Small bites. Because we can do hard things.

Let’s get started.

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But I’m not racist! I have black friends/quit the country club/marched on Washington.

I’ve been reading White Fragility: Why It’s So Hard for White People to Talk About Racism by Robin DiAngelo, and right off the bat she said something startling. In making racism about mean people we’ve virtually guaranteed folks won’t even consider the possibility that they might behave in prejudiced ways. If we hope to make any progress at all, we have to release the idea that prejudice is bad.

You could practically hear my brakes screeching. Wait, what? Of course being prejudiced is bad. Why are we even reading this thing if it’s not? It wasn’t the last time I’d need to shut up and settle down so I could process the author’s point.

Which was this.

As long as people think prejudice is “bad” they’ll deny the reality of its existence. Instead of talking about what’s really happening in the world they’ll fight the perceived implication that they themselves are bad people, and once they’re in defensive mode all hope of constructive conversation dies. Without honest conversation nothing will change, so Robin suggests we reframe our understanding of the basics.

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Prejudice: a pre-judgement about another person based on the social groups to which that person belongs.

Prejudice is made up of “thoughts and feelings, including stereotypes, attitudes, and generalizations that are based on little or no experience and then are projected onto everyone from that group.” (page 19) Since we share cultural influences our prejudices tend to be shared.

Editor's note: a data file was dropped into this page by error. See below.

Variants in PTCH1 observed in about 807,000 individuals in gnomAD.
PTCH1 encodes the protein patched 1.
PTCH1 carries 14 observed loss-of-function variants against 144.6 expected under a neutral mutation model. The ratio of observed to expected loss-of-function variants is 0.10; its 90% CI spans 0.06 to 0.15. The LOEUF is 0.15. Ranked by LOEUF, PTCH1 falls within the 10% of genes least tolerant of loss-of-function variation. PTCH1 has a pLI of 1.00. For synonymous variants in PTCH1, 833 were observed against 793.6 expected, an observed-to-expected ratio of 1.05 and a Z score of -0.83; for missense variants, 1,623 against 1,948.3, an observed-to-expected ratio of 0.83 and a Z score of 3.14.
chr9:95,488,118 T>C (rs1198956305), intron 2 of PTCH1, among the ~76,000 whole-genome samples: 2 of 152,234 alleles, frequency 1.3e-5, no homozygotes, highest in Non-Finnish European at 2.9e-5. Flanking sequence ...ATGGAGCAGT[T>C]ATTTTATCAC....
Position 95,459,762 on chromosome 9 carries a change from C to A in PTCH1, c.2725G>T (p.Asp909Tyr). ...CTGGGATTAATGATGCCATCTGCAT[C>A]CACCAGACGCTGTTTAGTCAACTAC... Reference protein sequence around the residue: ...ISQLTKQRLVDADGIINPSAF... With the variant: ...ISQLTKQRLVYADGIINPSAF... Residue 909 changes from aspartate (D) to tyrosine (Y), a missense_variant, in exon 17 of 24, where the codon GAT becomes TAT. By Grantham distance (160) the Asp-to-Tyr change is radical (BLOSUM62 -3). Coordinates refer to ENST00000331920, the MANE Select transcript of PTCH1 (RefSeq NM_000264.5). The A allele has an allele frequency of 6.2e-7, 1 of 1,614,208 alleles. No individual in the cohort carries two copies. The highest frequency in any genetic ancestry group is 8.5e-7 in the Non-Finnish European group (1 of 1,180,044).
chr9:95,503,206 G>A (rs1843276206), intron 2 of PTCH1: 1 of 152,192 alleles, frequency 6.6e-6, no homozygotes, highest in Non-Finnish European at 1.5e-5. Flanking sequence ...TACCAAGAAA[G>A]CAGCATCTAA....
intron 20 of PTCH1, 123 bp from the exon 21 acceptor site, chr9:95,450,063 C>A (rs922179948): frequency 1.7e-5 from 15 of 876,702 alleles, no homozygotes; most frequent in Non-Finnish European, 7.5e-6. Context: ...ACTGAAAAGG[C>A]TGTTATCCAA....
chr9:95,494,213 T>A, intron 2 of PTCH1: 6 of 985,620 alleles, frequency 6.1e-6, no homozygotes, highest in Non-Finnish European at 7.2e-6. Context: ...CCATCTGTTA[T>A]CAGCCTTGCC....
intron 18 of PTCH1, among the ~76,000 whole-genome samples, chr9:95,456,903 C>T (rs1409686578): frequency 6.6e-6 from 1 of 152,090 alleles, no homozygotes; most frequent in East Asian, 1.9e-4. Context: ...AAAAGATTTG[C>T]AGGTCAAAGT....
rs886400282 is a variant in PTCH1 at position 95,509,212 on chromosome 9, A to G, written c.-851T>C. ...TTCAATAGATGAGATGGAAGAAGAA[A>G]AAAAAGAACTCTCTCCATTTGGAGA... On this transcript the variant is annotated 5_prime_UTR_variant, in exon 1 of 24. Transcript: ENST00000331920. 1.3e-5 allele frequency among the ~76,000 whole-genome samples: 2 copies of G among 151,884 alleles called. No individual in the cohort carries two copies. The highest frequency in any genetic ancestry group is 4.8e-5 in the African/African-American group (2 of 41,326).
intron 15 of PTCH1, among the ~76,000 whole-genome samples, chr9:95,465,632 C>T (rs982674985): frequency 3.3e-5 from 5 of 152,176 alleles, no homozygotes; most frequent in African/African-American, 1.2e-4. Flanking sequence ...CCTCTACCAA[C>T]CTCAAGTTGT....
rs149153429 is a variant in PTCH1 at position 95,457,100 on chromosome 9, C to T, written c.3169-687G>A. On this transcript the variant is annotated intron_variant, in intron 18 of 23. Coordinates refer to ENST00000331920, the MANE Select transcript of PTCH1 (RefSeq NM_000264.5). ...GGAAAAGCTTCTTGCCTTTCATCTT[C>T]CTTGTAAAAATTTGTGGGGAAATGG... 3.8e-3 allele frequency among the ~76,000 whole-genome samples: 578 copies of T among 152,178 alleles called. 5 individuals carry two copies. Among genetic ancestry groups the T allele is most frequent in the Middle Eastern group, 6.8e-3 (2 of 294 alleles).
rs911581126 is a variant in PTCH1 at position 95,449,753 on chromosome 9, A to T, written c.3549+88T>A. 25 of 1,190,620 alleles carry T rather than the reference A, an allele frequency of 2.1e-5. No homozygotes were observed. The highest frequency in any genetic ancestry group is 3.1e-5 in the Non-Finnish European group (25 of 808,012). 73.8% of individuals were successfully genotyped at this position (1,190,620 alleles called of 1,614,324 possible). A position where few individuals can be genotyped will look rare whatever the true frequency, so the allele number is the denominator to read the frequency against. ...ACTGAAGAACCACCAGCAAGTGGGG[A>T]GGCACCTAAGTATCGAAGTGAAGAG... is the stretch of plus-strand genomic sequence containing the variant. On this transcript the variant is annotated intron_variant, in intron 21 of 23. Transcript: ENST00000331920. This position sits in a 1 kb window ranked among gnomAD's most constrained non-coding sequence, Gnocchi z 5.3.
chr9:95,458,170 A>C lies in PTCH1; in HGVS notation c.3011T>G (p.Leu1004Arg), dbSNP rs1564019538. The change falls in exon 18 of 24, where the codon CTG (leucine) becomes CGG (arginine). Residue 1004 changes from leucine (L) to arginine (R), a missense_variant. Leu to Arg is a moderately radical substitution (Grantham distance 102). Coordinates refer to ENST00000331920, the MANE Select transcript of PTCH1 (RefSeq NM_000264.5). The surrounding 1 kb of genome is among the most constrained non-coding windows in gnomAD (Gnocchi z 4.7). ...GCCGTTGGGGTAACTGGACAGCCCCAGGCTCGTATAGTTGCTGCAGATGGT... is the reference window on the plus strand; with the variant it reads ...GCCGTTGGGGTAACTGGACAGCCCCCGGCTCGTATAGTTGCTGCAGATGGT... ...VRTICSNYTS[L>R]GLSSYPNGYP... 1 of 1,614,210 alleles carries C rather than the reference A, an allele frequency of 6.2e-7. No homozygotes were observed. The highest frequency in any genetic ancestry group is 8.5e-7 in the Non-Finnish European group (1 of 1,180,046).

This is neither bad nor good, it is simply human nature. We collect data and draw conclusions, true or not. All of us. Period.

Discrimination: action based on prejudice.

Actions include “ignoring, exclusion, threats, ridicule, slander, and violence.” (page 20) Some discrimination is clearly recognizable – if you feel hatred due to your prejudice, acts of violence may result. If instead you feel mildly uncomfortable around someone of another race then discrimination will be more circumspect, like being less relaxed around somebody or avoiding them altogether.

“Prejudice always manifests itself in action because the way I see the world drives my actions in the world. Everyone has prejudice, and everyone discriminates.” (page 20)

Racism: when a racial group’s collective prejudice is backed by the power of legal authority and institutional control.

The critical concept here is that racism is a system. “Authority and control transform individual prejudices into a far-reaching system that no longer depends on the good intentions of individual actors; it becomes the default of the society and is reproduced automatically.” (page 21)

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So what does all this mean?

We can’t recognize racism for what it truly is – a structure, not an event – until we distinguish it from prejudice and discrimination. And we can’t dig deep into dismantling this structure until we accept the simple fact that we all carry prejudice and we all discriminate.

Get past the idea that this makes you bad. That’s when the real work can start.

You can check out the first small bites installment here.


All citations are from White Fragility: Why It’s So Hard for White People to Talk About Racism by Robin DiAngelo, ©2018.